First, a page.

Help we bought a mold house!
My wife and I are in the middle of buying a home. Our Realtor suggested that we have a home inspection and so we did. We just received the report and it stated that there could be a possibility of mold in the downstairs garage area. We really like this home and it is in the school district we desire for our 2 children. Can you offer any advice on this situation?
Let us first look at what mold is: Molds are microscopic organisms found virtually everywhere. It can be found indoors and outdoors and it is a part of the natural environment. Outdoor molds are things that break down dead organic matter like leaves on the ground, dead trees and so on. There are hundreds of types of molds. The most common molds found in an inside environment are Cladosporium, Penicillium, Aspergillus, Alternaria and Stachybotrys Atra. A spore is a small reproductive body that is capable of growing into a new organism, which in turn produces more bacteria, fungi and algae. Most spores are filamentous (thread-like) organisms so small that 250,000 of them can fit on the head of a pin. Molds may not be a problem unless the mold spores land on a wet or damp area and then begin growing. Molds may have the potential to cause health problems.
With your home inspector noting something that could be mold, I would recommend you have a certified mold inspector test the mold. The cost is typically very small. I would recommend that you not have the company that tested the mold perform any of the repair work. Have another certified mold expert perform the necessary repairs. This way there will not be a conflict of interest and it will keep all parties involved happy. Treatment may be faster than one would think, in some cases it can be completed within a single day. Also the professional mold inspectors have infrared thermal imaging to insure the effectiveness of the treatment after the fact. You may be surprised to learn that in some situations the mold repair is simply cutting out the spore area and replacing it with a small piece of sheetrock.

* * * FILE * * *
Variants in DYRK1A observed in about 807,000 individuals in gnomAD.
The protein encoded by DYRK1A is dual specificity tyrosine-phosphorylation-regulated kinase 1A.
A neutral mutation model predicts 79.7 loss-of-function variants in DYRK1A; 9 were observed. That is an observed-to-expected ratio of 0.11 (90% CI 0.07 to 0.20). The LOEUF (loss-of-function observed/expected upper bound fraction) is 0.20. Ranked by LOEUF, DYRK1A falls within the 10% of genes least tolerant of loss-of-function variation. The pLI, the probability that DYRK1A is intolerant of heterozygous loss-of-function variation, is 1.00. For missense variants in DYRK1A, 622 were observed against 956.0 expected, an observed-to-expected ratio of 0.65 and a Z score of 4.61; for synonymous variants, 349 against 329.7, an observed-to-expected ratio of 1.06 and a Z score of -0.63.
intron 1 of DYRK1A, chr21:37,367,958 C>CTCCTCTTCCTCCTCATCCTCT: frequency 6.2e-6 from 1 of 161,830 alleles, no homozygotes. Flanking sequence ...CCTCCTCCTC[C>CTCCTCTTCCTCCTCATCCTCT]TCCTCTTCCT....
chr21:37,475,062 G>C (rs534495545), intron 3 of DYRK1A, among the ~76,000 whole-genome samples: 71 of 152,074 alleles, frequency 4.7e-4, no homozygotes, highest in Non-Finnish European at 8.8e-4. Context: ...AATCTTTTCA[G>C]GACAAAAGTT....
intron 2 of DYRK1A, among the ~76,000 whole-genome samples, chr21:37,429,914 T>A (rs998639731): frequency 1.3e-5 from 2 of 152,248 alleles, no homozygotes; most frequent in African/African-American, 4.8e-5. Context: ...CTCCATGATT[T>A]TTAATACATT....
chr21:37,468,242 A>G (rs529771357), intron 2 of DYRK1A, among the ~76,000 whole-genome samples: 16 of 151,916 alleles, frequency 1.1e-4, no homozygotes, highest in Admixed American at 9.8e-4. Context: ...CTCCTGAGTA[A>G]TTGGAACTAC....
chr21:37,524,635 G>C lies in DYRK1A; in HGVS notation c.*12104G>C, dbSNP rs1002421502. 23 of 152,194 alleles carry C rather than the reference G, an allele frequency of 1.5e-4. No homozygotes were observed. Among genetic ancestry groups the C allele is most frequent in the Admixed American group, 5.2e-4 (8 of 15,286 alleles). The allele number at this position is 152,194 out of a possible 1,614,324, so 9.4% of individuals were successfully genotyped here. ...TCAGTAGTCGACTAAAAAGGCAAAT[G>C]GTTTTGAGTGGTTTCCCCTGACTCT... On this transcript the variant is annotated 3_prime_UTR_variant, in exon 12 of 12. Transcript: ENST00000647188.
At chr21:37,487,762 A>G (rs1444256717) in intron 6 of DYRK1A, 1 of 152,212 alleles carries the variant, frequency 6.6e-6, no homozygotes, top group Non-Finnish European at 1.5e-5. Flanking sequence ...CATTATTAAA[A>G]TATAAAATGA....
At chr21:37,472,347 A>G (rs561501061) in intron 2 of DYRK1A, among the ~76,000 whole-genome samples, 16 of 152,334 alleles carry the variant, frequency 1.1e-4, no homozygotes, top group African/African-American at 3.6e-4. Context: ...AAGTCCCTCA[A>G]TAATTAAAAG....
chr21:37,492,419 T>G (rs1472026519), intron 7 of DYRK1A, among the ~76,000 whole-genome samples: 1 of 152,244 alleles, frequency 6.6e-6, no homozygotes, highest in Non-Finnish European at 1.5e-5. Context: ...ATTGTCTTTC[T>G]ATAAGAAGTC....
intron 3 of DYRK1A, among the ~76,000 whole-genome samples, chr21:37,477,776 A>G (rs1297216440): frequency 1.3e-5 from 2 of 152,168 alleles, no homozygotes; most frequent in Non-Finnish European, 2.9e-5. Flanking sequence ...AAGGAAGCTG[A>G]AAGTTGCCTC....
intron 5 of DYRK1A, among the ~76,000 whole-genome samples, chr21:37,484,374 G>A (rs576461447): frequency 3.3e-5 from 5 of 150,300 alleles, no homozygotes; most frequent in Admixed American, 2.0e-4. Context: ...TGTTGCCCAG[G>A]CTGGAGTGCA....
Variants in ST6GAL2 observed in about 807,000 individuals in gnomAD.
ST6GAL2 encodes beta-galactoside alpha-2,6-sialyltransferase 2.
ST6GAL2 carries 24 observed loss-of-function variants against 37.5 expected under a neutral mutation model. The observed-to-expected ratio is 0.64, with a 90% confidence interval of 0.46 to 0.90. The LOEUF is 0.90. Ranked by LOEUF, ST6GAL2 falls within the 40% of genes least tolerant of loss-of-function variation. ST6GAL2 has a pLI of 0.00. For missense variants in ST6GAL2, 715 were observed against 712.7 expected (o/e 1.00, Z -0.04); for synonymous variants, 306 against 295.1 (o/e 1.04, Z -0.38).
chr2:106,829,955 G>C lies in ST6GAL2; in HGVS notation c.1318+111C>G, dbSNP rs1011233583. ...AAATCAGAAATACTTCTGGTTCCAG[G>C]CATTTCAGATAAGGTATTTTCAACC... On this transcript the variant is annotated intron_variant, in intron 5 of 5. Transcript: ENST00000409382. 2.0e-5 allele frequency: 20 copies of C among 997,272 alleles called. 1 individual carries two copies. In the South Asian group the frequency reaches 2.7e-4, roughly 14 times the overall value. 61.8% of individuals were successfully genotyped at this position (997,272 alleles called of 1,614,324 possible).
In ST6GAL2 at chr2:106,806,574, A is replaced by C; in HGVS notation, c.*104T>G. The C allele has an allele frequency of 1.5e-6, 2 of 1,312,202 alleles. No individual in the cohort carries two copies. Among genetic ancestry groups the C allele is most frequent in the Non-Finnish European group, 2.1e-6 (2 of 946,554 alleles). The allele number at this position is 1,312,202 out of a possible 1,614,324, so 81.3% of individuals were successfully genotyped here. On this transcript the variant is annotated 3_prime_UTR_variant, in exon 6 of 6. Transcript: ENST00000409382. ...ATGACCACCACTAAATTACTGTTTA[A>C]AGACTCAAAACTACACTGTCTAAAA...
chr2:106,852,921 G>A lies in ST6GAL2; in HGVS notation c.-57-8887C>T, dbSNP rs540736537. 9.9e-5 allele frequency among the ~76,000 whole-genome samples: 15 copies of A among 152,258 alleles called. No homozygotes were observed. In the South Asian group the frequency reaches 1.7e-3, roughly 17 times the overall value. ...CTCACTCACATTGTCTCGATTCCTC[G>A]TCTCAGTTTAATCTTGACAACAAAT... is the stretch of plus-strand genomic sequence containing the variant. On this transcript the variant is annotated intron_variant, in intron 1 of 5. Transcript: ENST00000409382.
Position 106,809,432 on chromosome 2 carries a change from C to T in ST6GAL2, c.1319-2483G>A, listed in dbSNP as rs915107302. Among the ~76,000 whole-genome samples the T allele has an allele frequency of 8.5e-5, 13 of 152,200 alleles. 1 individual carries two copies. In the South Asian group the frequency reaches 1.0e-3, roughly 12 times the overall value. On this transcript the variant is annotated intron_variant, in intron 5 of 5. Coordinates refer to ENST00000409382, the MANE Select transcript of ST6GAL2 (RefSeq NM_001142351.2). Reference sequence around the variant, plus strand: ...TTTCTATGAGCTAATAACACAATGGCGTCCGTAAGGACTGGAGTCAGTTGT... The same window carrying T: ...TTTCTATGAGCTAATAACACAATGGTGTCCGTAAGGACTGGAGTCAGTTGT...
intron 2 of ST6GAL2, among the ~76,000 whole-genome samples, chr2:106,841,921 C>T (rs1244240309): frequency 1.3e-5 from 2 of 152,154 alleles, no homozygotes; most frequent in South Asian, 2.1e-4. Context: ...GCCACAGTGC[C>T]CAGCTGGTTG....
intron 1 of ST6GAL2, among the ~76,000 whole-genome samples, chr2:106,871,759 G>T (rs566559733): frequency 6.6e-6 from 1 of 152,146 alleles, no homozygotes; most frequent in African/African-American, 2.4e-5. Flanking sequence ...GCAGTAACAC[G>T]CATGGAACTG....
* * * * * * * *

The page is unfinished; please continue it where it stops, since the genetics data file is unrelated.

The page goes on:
Sometimes homeowners or the buyers have elected to take care of the mold situation themselves. In this situation it is best to wear a face mask, face goggles and thick gloves. When cleaning the mold, scrub with warm water and detergent and let it dry fully. The next step would be to disinfect the area by using a solution of one gallon of water and three quarters of a cup of bleach, then letting it dry again. Then repeat one more time of scrubbing with water and bleach and let dry again.
There are certain steps one can take to avoid mold growth. Mold needs three things to grow: moisture, air and food. This combination can be found just about anywhere in your home.
Here are some tips to help prevent the growth of mold:
- Repair water leaks as soon as possible.
- Spray items (non-clothes items) with Lysol or a mold prevention spray before returning them to the closet.
- Make sure the home has adequate ventilation, like exhaust fans in the kitchen and in bathrooms.
- If you see condensation or moisture collecting on windows, walls or pipes, ACT QUICKLY to dry the wet surface and reduce the moisture/water source. Condensation can be a sign of high humidity.
- Make sure the ground slopes away from the building's foundation so that water does not enter or collect around the foundation.
- Keep air-conditioning drip pans clean and the drain lines unobstructed and flowing properly.
- Caulking and other sealants can provide moisture barriers between cracks and beneath doors.
- Change your HVAC filters on a regular basis. If this is not done, the filter itself can become a fertile breeding ground for all the molds.
This information is believed to be true and is used only to answer a question. For further information contact your Realtor or your attorney.
Kari McCoy, CRS has been a Realtor for 25 years and owns the Kari McCoy Group, Residential Real Estate at Lyon Real Estate. She can be reached at (916) 941-9540 or email her at firstname.lastname@example.org.
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